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Morning news and current affairs. Includes Sports Desk, Yesterday in Parliament, Weather and Thought for the Day.

3 hours

Last on

Thu 16 Jun 2016 06:00

Today's running order

All timings subject to change.


A bitter dispute over the role of rail guards has worsened after a leading union said it had evidence that trains were being cancelled even if staff were available. Tony Miles, from Modern Railways Magazine, joins us on the programme.


England and Wales meet in the Euro 2016 football championships this afternoon, with tight security expected around the fixture in the French town of Lens.  It follows disturbances in nearby Lille last night, where riot police used tear gas to disperse crowds. Dan Roan is the BBC’s sports editor in Chantilly.


The Financial Times is calling for a vote to remain in the EU. In its editorial it says ‘a vote to withdraw would be irrevocable, a grievous blow to the post-1945 liberal world order.’ Lionel Barber is editor of the Financial Times.


The Welsh band Manic Street Preachers produced the official anthem for Wales' first appearance in a major football championship in more than 50 years. Nick Robinson has been speaking to the Manic Street Preachers’ lyricist Nicky Wire.


It is exactly one week until the EU referendum takes place – one of the most significant decisions this country has taken in decades. It is a decision that is tearing the Tory Party apart and has divided two once close friends - David Cameron and Michael Gove who are on opposing sides of the argument.  Nick Robinson examines their friendship.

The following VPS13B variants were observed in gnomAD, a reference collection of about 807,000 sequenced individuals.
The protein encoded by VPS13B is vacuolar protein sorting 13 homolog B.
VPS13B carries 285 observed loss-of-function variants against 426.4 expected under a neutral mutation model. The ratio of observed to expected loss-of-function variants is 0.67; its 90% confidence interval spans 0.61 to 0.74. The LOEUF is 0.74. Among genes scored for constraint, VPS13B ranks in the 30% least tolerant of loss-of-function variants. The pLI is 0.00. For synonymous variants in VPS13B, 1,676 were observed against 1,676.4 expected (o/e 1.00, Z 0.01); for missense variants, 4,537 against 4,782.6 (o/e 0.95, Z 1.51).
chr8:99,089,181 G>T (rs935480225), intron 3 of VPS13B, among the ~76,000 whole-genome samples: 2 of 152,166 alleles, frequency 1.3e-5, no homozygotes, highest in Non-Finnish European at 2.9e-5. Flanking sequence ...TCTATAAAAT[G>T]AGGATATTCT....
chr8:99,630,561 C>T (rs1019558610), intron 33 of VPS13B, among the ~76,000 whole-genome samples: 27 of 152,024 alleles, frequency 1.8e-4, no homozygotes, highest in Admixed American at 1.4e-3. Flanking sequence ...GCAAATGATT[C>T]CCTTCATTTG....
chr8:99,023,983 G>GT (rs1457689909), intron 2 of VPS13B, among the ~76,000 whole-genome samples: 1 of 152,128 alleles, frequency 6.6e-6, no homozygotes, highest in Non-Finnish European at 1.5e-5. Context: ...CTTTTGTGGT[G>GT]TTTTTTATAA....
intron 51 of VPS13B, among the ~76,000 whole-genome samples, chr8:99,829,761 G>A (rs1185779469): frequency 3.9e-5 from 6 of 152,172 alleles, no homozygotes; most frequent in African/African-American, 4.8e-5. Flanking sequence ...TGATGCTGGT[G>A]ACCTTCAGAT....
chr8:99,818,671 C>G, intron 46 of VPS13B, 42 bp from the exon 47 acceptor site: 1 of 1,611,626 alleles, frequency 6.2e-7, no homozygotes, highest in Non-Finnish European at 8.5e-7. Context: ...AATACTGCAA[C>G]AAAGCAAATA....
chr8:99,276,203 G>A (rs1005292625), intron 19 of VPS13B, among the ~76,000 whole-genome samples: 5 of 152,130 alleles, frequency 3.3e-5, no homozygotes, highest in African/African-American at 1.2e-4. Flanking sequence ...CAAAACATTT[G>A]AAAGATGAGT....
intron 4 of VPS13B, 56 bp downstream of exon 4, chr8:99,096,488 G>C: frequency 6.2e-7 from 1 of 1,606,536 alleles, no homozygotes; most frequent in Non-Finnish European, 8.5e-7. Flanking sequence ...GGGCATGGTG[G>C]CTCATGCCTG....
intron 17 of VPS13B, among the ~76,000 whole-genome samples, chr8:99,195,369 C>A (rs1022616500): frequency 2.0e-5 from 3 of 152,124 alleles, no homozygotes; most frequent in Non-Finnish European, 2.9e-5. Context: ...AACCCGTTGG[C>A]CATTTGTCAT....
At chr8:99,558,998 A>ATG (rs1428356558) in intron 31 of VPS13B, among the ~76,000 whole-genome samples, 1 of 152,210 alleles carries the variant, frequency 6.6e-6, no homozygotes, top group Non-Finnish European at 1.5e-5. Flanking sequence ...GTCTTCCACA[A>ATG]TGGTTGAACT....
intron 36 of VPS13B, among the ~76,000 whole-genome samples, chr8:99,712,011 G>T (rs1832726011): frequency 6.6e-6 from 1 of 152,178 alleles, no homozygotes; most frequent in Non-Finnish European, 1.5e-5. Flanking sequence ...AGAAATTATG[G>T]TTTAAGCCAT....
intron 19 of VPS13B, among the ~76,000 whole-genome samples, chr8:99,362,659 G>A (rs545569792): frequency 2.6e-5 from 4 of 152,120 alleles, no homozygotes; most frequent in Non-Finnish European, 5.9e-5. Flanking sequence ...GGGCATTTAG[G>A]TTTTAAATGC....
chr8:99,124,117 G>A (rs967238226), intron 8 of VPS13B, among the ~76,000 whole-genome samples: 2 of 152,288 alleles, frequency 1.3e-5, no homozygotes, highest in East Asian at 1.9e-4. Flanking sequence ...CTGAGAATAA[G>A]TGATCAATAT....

Scientists say the results of a global survey into coral reefs give hope that the vital marine structures can survive the destruction wrought by man-made and environmental pressures. Dr Christina Hicks is environmental social scientist at Lancaster University’s environment centre and has co-authored the report.


The father of a teenager who took his own life has said his death proves the mental health system in England is "not really fit for purpose". Steve Mallen is father of 18-year-old Edward Mallen and Dr Andy Wiener is consultant child and adolescent psychiatrist at the Tavistock and Portman NHS Foundation Trust.


More on tight security in Lens ahead of England and Wales match in the Euro 2016 football championships this afternoon: Martin Glenn is chief executive of the Football Association of England and Jonathan Ford is chief executive of the Football Association of Wales.


BBC News is holding an EU Referendum "Question Day". Yesterday we asked for your questions by email and on social media. To help answer them we are joined by the BBC’s editors.


A group of leading scientists has launched the Genome Project-Write - a new mission to chemically synthesize the human genome. The project is conceived as a new challenge for scientists, following the successful sequencing of the genome a decade ago. Professor George Church is pioneer in synthetic genome technology at Harvard.


Will the Labour Party be forced to change its stance on immigration and consider revising the arrangements over the free movement of people? Deputy Labour leader Tom Watson has said EU immigration rules may have to be revisited but Jeremy Corbyn says free movement is non-negotiable. Ayesha Hazarika is former adviser to Harriet Harman and Ed Miliband, and Steve Richards is columnist at The Independent.


Is enough being done in schools to encourage kids to read for pleasure? Research from the Oxford University Press has found that more than half of teachers believe they do not have enough time in the curriculum to read stories to kids and talk about books - particularly classic stories. Jane Harley is Oxford University press strategy director for UK education and Michael Morpurgo is former children’s laureate and OUP series editor.


  • Thu 16 Jun 2016 06:00